Beekeeping for Beginners Beekeeping for Beginners
Honey bee with a varroa mite on its backHoney bee with a varroa mite on its back

Varroa Supplies

Treatment & Medication

Varroa easyCheck

A fast, easy and reliable varroa mite monitoring system. Quick and easy to use, only 3 steps.

*Shaker design for a better separation of varroa mites

*Fast and easy to use

*Robust matter: durable product, reusable and perfectly adapted to field use

*The tight-fitting lid is leak proof and comfortable to use

Two molded guide lines allow samples of 200 or 300 bees

Holes in the base and sides of the filter basket allow a better separation of mites from the bees

Why should I monitor my hives?

Major objective: To avoid a too high level of varroa mite infestations that could lead to colony losses.

Why perform monitoring prior to a treatment?

To now the pre-treatment varroa counts of the colony, estimate the degree of (varroa infestation of the colony).To help the beekeeper choose the best treatment strategy to limit the damages to on the colonies.

Why monitor after a treatment?

So that the beekeeper knows the treatment was successful.

And to assessing the need for further treatment.

Did you know?

A 3% infestation can cut honey yield by up to 13 kilos/year (28 pounds).

1- Alcohol wash

An alcohol wash consists of immersing a sample of honey bees into alcohol, and then gently shaking the EasyCheck to detach the phoretic mites so they can be counted. This method leads to the loss of the sample (death of the bees in the sample), but it is the most consistent in terms of delivering accurate results when monitoring. It has been recognized as the most accurate, reliable, and economical option for beekeepers.1-2

2- Powdered sugar roll

 With this method, powdered sugar is added to a sample of honey bees, and then gently rolled to coat the bees in the sample with powdered sugar, causing the mites to separate from the bees. The EasyCheck is then vigorously shaken, causing the sugar and the mites to pass through the white basket’s holes. This method helps keeps the sample of bees alive, but the result may vary depending on use and humidity (humidity can cause the powder sugar to clump, affecting the results).

Useful tips to better fight varroa mite

Regular monitoring of mite infestations throughout the year, beginning in spring (at least four times a year)Monitor your bees for mites BEFORE and AFTER treatment. (Check « Description » tab)Adapt your treatment strategy depending on your varroa infestation. Use your monitoring results to plan your varroa control plan! (Do not only do what you did before)Stay informed about local infestation thresholds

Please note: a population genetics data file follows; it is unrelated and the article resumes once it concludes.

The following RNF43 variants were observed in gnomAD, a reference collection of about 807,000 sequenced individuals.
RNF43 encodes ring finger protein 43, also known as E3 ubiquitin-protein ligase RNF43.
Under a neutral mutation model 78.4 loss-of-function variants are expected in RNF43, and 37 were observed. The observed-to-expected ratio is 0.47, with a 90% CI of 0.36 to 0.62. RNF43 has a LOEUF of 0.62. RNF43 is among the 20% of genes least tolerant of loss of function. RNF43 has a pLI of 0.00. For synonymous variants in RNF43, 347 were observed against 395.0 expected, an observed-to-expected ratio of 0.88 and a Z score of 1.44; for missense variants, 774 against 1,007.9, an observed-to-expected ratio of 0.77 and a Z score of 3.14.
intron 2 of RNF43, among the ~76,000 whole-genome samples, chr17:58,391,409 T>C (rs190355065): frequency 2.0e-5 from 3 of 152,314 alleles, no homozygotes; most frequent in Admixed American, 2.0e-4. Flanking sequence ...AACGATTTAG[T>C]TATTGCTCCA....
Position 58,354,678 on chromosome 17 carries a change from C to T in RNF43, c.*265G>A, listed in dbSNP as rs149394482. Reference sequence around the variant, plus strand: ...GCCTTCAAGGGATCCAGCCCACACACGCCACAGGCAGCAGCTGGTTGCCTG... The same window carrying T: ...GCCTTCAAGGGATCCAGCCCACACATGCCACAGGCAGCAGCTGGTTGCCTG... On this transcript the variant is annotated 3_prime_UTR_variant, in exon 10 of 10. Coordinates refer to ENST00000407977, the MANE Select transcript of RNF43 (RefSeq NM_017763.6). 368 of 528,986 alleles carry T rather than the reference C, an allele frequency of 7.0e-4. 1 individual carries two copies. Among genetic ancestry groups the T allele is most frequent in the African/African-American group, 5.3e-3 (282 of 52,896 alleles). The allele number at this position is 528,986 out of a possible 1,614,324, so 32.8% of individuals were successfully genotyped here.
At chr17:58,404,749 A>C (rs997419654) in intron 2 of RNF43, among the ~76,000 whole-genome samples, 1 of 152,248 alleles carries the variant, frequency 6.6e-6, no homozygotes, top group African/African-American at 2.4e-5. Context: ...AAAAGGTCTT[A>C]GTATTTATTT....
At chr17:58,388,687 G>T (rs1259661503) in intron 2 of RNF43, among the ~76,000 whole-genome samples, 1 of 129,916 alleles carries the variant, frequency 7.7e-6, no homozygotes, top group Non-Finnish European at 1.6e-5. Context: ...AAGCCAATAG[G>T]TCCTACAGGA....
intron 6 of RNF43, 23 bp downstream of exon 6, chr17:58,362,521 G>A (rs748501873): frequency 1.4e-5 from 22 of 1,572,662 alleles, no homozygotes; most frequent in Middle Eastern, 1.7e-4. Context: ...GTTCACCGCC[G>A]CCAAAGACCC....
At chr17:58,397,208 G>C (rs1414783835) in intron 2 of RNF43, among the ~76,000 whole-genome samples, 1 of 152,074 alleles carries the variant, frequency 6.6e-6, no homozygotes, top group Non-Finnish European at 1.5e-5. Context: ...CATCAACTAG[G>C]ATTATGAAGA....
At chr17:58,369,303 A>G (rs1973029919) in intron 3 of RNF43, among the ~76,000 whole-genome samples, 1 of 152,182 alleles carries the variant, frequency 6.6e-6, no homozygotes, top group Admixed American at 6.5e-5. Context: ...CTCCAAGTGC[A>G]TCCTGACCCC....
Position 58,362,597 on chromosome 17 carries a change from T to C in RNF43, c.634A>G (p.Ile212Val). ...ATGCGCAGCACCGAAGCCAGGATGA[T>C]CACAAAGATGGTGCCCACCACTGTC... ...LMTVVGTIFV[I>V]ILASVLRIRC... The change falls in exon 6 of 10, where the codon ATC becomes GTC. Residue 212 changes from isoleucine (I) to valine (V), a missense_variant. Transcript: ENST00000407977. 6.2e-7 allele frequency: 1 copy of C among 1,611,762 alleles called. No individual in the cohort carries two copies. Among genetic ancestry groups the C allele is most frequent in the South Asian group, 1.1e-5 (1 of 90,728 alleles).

Switch out old brood comb for new every 2 or 3 years minimum

Treat all colonies in an apiary at the same time to prevent re-infestation

Rotate the active ingredients (and not use the same treatment each time!)Use only registered treatments and follow the product labels and instructions.


Apivar is the only Amitraz-based apiary product that treats successive generations of Varroa mites, reducing the mite population in the hive by up to 99% in one application.

Apivar® comes in the form of rigid strips vacuum sealed in sachets containing 10 strips. Because they are rigid they are easy to place in the hive.

Apivar® is a contact miticide and the active ingredient, Amitraz, is distributed throughout the hive by bees contacting the strips and then contacting other bees.

Each application requires 2 new rigid strips per brood chamber. It is important to maintain this dosage as it provides the necessary strip surface area to ensure that the bees are able to distribute enough active ingredient throughout the colony to provide optimum efficacy.

Each strip can be easily suspended between the frames, from the top bars, using a toothpick or match through the hole provided. Alternatively you can use the pop-up triangular tag to hang the strip from the top of the frame.

Hang the strips in the area of the highest bee activity. Apivar strips are suspended in the brood chamber in such a way that the bees can walk on both sides of the strips. Leave the strips in place for at least 6 weeks/ 45 days before removing.

After use, to avoid any risk of resistance developing and environmental pollution, the strips must be removed from the hives and destroyed under approved methods. Do NOT re-use any strips after one treatment.

The shelf life of Apivar® is two years from the date of manufacture, when stored appropriately in unopened sachets.

Storage should be at ambient room temperature and out of direct sunlight.

Apivar® quantitative and qualitative composition
Amitraz.............0.5 g (or 3.33%)
Vehicle...........15.0 g

Sealed sachet containing 10 strips

Formic Pro